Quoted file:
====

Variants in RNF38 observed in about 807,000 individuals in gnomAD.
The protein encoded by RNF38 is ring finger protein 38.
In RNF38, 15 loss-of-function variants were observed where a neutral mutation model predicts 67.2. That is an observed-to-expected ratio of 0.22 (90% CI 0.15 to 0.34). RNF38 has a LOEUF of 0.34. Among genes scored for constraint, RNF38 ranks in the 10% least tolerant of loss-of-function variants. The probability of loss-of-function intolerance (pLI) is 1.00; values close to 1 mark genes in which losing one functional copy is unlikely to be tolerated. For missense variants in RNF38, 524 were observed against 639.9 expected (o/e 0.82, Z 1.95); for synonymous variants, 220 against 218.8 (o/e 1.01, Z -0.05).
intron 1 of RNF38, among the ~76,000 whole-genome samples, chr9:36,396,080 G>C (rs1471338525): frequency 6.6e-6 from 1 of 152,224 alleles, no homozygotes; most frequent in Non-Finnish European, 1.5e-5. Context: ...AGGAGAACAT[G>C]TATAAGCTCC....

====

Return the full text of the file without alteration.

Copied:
Variants in RNF38 observed in about 807,000 individuals in gnomAD.
The protein encoded by RNF38 is ring finger protein 38.
In RNF38, 15 loss-of-function variants were observed where a neutral mutation model predicts 67.2. That is an observed-to-expected ratio of 0.22 (90% CI 0.15 to 0.34). RNF38 has a LOEUF of 0.34. Among genes scored for constraint, RNF38 ranks in the 10% least tolerant of loss-of-function variants. The probability of loss-of-function intolerance (pLI) is 1.00; values close to 1 mark genes in which losing one functional copy is unlikely to be tolerated. For missense variants in RNF38, 524 were observed against 639.9 expected (o/e 0.82, Z 1.95); for synonymous variants, 220 against 218.8 (o/e 1.01, Z -0.05).
intron 1 of RNF38, among the ~76,000 whole-genome samples, chr9:36,396,080 G>C (rs1471338525): frequency 6.6e-6 from 1 of 152,224 alleles, no homozygotes; most frequent in Non-Finnish European, 1.5e-5. Context: ...AGGAGAACAT[G>C]TATAAGCTCC....